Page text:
A **matrix** (plural, **matrices)** is a rectangular array of numbers or variables. A matrix can be used to represent a system of equations in standard form by writing only the coefficients of the variables and the constants in the equations.

##### Example 1

Represent this system as a matrix.

In the preceding matrix, the dashed line separates the coefficients of the variables from the constants in each equation.

Through the use of row multiplication and row additions, the goal is to transform the preceding matrix into the following form.

The matrix method is the same as the elimination method but more organized.

##### Example 2

Solve this system by using matrices.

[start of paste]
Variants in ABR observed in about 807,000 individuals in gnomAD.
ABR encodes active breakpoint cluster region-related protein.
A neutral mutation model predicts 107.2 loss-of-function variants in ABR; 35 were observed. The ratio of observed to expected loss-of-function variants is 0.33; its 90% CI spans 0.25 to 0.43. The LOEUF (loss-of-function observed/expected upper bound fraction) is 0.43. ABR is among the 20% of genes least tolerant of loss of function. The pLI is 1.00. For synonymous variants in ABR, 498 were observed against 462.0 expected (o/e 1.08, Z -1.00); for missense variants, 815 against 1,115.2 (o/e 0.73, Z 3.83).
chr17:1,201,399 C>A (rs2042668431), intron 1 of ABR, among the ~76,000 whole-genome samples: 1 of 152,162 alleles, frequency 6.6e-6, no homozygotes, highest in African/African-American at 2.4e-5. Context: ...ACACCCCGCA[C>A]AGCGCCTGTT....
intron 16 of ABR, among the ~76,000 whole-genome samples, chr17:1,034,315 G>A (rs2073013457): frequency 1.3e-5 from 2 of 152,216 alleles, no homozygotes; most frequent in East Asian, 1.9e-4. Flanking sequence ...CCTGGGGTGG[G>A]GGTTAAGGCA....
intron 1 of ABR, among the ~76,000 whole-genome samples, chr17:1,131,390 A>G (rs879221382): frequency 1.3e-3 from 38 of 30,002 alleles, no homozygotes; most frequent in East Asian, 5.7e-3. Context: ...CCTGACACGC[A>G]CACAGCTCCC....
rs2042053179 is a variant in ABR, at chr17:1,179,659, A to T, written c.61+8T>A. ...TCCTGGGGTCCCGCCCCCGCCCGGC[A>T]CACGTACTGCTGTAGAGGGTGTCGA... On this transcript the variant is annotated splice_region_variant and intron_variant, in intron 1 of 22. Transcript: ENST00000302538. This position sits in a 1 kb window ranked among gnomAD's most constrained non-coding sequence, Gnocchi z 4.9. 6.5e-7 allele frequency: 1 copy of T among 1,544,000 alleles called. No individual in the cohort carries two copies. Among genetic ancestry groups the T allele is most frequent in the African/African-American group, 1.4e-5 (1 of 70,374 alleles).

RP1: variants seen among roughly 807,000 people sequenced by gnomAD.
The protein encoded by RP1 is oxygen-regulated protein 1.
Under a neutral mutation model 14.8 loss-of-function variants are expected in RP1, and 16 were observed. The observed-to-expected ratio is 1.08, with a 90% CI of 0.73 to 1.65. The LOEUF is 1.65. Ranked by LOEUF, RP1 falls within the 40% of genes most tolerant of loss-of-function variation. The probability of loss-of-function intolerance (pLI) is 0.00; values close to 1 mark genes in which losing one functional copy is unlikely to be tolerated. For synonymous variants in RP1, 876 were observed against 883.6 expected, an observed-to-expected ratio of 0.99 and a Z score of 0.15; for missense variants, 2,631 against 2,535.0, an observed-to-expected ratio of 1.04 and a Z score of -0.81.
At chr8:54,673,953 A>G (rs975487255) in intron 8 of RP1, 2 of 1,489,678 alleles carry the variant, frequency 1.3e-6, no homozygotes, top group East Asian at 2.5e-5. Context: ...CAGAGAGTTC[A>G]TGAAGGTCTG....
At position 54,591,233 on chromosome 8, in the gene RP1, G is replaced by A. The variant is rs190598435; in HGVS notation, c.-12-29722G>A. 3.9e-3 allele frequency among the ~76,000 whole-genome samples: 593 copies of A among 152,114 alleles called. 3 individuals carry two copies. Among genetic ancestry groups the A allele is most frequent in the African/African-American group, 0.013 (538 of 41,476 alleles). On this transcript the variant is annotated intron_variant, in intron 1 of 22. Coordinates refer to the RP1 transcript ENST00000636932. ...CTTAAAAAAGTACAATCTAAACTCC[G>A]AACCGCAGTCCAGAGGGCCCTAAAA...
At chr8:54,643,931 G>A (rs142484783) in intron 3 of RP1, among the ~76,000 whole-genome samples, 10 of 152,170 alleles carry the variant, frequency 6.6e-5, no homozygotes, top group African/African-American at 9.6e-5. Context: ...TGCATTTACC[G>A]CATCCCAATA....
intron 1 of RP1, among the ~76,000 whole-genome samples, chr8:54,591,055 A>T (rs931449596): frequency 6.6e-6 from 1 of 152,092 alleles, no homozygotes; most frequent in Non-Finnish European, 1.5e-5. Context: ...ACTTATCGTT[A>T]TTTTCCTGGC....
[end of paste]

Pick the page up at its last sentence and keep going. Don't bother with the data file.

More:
Multiply 2 times row 1 and –5 times row 2; then add:

This matrix now represents the system

Therefore, *y* = 1

Now, substitute 1 for *y* in the other equation and solve for *x*.

Check the solution.

The solution is *x* = 3, *y* = 1.

Matrices are a more time‐consuming method of solving systems of linear equations than either the elimination or substitution methods. They only become a time‐saving method when solving multiple equations in multiple variables that are repeatedly equated to different sets of constants. Don't worry; you won't have to do those this year. Still, you should know that they are an alternative method of solving linear equation systems.